I agree wholeheartedly with this sentiment. Far too much commercialisation of Christmas, which starts far too early. Far too high expectations from kids and consequent pressure on their parents.

We were quite content with one main present and a few small ones and we never put the tree or decorations (often home-made) up until we broke up from school a few days before Christmas.

Most people seem to have forgotten the true meaning and origins of Christmas.

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 Post subject: Re: Christmas at the Chalet School
PostPosted: 13 Dec 2017, 15:00 
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cal562301 wrote:
lizco wrote:
Vintagejazz wrote:
I don't think there was the same build up to Christmas back then. A lot of people put their tree up on Christmas Eve, and presents tended to be smaller and bought in the week or two before Christmas.

I'm always surprised, when I read children's books written in the 40s and 50s, how Christmas doesn't really seem to be thought about much until a week or two beforehand.


Oh were it the same today!


I agree wholeheartedly with this sentiment. Far too much commercialisation of Christmas, which starts far too early. Far too high expectations from kids and consequent pressure on their parents.

We were quite content with one main present and a few small ones and we never put the tree or decorations (often home-made) up until we broke up from school a few days before Christmas.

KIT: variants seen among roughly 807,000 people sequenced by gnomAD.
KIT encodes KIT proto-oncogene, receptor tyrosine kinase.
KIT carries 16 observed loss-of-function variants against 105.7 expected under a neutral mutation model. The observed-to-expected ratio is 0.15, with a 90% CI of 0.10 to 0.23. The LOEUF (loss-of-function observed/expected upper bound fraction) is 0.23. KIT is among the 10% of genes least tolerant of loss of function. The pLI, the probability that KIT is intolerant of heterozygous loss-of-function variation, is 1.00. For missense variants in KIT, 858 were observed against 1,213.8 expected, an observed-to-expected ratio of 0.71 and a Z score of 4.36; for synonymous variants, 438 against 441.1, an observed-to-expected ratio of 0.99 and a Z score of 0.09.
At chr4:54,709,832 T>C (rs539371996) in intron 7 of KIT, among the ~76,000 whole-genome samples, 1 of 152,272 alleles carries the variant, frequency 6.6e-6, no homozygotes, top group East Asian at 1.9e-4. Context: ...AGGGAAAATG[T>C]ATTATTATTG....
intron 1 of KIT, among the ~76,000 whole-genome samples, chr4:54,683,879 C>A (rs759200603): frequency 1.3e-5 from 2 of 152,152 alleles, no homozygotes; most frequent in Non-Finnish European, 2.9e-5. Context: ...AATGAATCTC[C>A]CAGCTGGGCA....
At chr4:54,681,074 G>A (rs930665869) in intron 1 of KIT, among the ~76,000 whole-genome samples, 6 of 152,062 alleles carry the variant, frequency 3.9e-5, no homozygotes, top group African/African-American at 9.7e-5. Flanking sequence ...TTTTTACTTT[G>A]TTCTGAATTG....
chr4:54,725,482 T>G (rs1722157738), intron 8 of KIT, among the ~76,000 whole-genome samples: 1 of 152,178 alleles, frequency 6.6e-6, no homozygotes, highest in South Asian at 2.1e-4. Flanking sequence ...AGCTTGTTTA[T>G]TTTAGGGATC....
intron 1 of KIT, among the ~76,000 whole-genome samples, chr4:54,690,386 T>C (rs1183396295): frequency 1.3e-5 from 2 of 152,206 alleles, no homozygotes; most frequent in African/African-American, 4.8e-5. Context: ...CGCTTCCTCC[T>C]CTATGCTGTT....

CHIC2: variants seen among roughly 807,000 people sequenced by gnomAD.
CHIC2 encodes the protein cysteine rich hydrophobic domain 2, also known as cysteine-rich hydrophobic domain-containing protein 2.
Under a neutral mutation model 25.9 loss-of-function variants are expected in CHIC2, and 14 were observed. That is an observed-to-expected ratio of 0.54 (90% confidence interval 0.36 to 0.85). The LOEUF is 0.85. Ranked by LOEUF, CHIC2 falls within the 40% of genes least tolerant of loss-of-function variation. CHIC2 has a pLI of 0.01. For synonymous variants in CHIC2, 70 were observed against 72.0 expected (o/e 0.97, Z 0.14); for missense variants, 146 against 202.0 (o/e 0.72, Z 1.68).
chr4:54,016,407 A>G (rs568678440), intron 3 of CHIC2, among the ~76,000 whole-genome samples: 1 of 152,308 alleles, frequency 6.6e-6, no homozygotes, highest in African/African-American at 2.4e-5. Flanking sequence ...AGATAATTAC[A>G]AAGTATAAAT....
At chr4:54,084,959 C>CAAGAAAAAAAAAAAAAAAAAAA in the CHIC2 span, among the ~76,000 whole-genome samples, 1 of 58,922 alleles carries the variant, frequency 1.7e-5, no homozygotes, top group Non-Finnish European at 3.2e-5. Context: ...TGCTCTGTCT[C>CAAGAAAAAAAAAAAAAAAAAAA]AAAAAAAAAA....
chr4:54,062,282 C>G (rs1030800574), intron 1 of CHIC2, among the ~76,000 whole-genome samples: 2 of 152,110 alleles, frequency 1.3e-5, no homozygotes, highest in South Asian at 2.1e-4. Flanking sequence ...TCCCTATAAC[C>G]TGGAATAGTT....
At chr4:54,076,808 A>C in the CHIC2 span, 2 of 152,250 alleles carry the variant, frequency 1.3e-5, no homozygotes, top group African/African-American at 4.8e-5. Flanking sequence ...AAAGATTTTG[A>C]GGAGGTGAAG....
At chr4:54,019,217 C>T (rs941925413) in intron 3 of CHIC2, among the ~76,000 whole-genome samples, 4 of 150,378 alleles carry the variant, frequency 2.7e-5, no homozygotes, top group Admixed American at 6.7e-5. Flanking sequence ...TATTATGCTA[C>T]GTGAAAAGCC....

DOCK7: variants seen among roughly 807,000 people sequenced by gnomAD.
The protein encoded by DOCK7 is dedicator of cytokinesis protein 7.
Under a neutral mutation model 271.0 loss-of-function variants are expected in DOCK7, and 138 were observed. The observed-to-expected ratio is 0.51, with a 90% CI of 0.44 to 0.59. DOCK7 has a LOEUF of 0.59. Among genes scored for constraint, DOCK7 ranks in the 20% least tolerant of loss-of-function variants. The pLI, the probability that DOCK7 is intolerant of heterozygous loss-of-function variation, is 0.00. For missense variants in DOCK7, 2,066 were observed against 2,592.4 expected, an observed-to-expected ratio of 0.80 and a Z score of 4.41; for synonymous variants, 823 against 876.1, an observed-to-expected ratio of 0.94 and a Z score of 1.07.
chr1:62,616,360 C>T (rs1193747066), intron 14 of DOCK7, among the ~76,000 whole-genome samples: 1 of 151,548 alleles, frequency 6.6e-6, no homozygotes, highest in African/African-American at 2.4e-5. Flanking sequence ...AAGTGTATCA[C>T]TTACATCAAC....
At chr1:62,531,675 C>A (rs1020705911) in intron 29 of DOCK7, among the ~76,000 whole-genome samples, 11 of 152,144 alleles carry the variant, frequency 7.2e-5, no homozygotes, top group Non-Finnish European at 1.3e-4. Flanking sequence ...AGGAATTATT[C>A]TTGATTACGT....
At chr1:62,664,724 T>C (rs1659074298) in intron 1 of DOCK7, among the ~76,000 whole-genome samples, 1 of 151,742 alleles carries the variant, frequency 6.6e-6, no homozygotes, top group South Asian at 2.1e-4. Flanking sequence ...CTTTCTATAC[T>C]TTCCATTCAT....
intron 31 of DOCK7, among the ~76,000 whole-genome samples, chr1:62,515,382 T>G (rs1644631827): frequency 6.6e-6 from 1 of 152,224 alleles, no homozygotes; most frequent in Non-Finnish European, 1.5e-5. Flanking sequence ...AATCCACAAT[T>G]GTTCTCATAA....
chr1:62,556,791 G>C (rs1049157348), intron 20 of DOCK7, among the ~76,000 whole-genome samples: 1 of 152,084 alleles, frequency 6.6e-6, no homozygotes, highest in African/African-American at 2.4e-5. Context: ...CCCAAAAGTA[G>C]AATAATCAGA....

Most people seem to have forgotten the true meaning and origins of Christmas
.


Yes, it was the same when I was little. We got a big present under the tree, and small presents in our stockings and were almost hysterical with excitement on Christmas Eve. We also never put up the tree or decorations until about December 20th, so they were still a novelty around the house on Christmas day.

And every house had a crib up on the sideboard to mark the real Christmas story.


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 Post subject: Re: Christmas at the Chalet School
PostPosted: 13 Dec 2017, 20:05 
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My mum would always put the decorations up on the last day of school, so I knew the house would be done when I came home. She still uses the same decorations now, even the tree - although that has become quite a bit smaller over the years over the years due to wear and tear on the branches. She had to put aside the elderly tree lights this year though, as two of the bulbs had blown and she has no more spares. I am frantically searching every selling site under the sun for vintage tree light bulbs, but I suspect this close to Christmas, I will not be lucky in time.

Christmas seems to start withion milliseconds of the autumn term starting now. I refuse to acknowledge any part of until after Bonfire Night (apart from buying in bags of lebkuchen stars, which I do quite like).


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 Post subject: Re: Christmas at the Chalet School
PostPosted: 13 Dec 2017, 22:13 
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I never saw our floor to ceiling tree until the living room door was opened on Christmas morning. My parents decorated it on Christmas Eve and the "reveal" was always overwhelmingly beautiful - it was lit by candles and sparkled with silver lametta. Which as we now know was laden with lead, but hung far better than the modern flimsy stuff.

At my boarding school in the 1950s we had house pantomimes and a house Christmas party. Both were very important and exciting events in what could otherwise be a fairly repetitive existence. I hope the CS were allowed to enjoy such things too...